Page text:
PORTLAND — The safety net for the most vulnerable in our city has giant holes. The shelters are beyond capacity, with those admitted lucky to have a place to sleep for the night. The homeless file out in the morning, their few possessions gathered in shopping carts, duffels and garbage bags, heading for the breakfast line.

Across the street, a different line forms, with people waiting for the city to open its doors for General Assistance services. General Assistance helps residents in desperate need to pay for housing costs, food, medications and other basic needs.

The GA office is short-staffed; caseworkers can only help a limited number of people in a day.

People camp out overnight to get a place at the front of the line. They do this because without general assistance to prevent eviction, they, too, will be homeless. The overnighters include pregnant women, mothers risking their health and safety for the sake of their children. Remember, it’s cold now and there aren’t any 24/7 public restrooms close to the Lancaster Street offices.

Many of the people in both of these lines are refugees and asylees. They have come here from places where they have endured much worse than long lines. They have suffered losses and atrocities unfathomable to most of us. They arrive survivors with nothing. Their lives have been completely changed.

Many of the new immigrants in Maine fall into a category described as asylum seekers because they are individuals waiting for an asylum decision from the federal government. As a result of new state laws, many of these individuals can no longer get help from the safety net programs administered by the state.


Being a person seeking asylum in a new country is already an uncertain time. It’s a time of limbo and people in this position may need some assistance from others until the immigration process grants the permits necessary to be able to get a paid job. It’s a time that calls for compassion.

The refugee and asylee communities share a common experience of having arrived here with little or nothing. That memory is ever fresh in their minds.

The ethnic communities sacrifice to help those who have recently arrived: family, friends, friends of friends, those who have heard that in Maine they will find someone they can trust and that Maine is a safe place.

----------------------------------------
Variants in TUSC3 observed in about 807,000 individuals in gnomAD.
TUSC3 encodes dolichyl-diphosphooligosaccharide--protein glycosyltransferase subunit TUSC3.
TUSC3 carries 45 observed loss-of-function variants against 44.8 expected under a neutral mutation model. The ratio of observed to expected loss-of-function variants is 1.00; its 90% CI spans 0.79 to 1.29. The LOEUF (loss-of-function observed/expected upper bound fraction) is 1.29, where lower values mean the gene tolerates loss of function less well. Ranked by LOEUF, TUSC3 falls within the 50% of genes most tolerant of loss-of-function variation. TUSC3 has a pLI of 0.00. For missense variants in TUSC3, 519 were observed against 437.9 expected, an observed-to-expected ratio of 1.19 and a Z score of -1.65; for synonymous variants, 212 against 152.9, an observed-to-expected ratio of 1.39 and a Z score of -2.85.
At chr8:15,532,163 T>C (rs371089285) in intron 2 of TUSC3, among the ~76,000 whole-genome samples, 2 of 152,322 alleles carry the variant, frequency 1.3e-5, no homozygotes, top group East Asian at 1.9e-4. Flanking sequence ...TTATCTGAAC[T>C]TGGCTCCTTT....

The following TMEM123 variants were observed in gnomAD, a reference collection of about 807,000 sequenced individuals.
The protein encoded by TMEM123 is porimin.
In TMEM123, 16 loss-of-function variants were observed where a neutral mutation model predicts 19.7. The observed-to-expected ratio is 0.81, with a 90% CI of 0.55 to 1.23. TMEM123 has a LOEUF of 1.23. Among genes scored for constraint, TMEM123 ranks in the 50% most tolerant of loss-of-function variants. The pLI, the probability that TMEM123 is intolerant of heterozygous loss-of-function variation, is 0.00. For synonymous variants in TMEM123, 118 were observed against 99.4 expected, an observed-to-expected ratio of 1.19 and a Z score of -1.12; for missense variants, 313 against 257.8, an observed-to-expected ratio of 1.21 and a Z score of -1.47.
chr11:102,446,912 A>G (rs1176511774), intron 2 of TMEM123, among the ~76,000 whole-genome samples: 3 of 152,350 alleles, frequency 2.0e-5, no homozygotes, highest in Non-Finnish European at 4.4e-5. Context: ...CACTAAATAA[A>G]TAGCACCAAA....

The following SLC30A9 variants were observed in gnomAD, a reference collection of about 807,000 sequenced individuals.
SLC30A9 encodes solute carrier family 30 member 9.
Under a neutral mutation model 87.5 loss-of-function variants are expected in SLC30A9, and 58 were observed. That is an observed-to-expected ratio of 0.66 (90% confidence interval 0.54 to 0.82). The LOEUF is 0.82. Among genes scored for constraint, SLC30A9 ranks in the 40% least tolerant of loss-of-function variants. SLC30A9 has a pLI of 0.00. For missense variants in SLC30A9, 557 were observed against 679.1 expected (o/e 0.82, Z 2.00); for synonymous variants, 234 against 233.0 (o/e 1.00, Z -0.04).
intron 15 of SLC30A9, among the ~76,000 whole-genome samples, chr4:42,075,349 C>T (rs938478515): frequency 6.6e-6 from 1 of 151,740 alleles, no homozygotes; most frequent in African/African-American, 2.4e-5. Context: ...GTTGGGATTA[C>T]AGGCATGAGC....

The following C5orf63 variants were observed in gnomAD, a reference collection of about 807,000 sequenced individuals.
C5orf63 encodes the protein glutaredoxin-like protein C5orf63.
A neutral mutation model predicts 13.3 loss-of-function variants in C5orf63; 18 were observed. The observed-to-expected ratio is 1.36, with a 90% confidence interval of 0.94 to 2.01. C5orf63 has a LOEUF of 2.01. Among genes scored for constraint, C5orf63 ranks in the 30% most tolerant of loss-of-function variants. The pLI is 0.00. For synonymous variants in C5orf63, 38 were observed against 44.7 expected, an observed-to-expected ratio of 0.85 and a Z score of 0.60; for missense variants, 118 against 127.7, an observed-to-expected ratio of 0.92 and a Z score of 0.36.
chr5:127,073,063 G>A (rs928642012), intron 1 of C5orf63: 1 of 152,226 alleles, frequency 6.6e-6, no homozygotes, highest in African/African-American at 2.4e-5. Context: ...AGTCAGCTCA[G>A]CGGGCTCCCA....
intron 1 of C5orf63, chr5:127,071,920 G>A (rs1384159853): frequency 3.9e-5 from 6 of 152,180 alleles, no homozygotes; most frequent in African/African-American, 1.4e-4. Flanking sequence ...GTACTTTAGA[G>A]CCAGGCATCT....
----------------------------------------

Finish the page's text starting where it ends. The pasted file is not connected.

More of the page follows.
The ethnic community leaders cobble together help for the newly arriving immigrants. The help they provide falls completely under the radar screen.

It’s a network of organized, volunteer efforts outside of the contracted services provided by nonprofits and government agencies. It’s an effort that is heroic. The immigrant community deserves recognition and support for the help they provide.

Frequently, the immigrant community leaders and immigrant nonprofit organizations are told that the services they provide duplicate services already available. This is simply not true. Newly arriving refugees and asylees seek out the leaders in their own communities whom they trust and from whom they receive understanding and compassion.


Most importantly, they receive ongoing support in navigating the complexities of life in a new country. After having experienced so much trauma, trusting can be very difficult.

The immigrant leaders are the go-between brokers who know the needs of their communities and how best to address those needs. Most have been here well over a decade.

They have adapted to living in our culture with a keen understanding of what works and what doesn’t work. Their struggles and lessons can inform a fresh response to urgent and serious community issues.

It’s time to listen and learn from their wisdom and include them as equal partners in the design and implementation of programs and services to create meaningful solutions.

The immigrant community leaders are competent and willing partners.

It shames us all that there are lines anywhere for shelter or food; that health care and dental care are withheld except in cases of emergencies. It hurts us all that children are graduated from high school without having been provided a level of education that will get them into the job market or college.

It is particularly painful when the systems of support that are in place overlook those least capable of advocating for themselves, especially when language, culture and color raise the bar on barriers to equal treatment.

— Special to the Press Herald


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